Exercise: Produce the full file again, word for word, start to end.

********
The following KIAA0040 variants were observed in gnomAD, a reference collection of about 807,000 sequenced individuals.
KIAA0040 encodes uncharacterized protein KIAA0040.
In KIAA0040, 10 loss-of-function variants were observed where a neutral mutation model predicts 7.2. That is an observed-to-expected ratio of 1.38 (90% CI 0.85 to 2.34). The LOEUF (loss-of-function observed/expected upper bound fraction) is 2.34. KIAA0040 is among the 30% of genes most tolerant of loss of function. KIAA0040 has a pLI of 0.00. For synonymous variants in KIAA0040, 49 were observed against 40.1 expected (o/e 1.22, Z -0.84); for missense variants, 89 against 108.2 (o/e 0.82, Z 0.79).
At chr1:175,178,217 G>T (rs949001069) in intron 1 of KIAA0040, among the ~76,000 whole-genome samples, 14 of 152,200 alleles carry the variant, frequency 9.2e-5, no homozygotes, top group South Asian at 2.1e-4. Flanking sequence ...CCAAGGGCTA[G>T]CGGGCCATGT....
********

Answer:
The following KIAA0040 variants were observed in gnomAD, a reference collection of about 807,000 sequenced individuals.
KIAA0040 encodes uncharacterized protein KIAA0040.
In KIAA0040, 10 loss-of-function variants were observed where a neutral mutation model predicts 7.2. That is an observed-to-expected ratio of 1.38 (90% CI 0.85 to 2.34). The LOEUF (loss-of-function observed/expected upper bound fraction) is 2.34. KIAA0040 is among the 30% of genes most tolerant of loss of function. KIAA0040 has a pLI of 0.00. For synonymous variants in KIAA0040, 49 were observed against 40.1 expected (o/e 1.22, Z -0.84); for missense variants, 89 against 108.2 (o/e 0.82, Z 0.79).
At chr1:175,178,217 G>T (rs949001069) in intron 1 of KIAA0040, among the ~76,000 whole-genome samples, 14 of 152,200 alleles carry the variant, frequency 9.2e-5, no homozygotes, top group South Asian at 2.1e-4. Flanking sequence ...CCAAGGGCTA[G>T]CGGGCCATGT....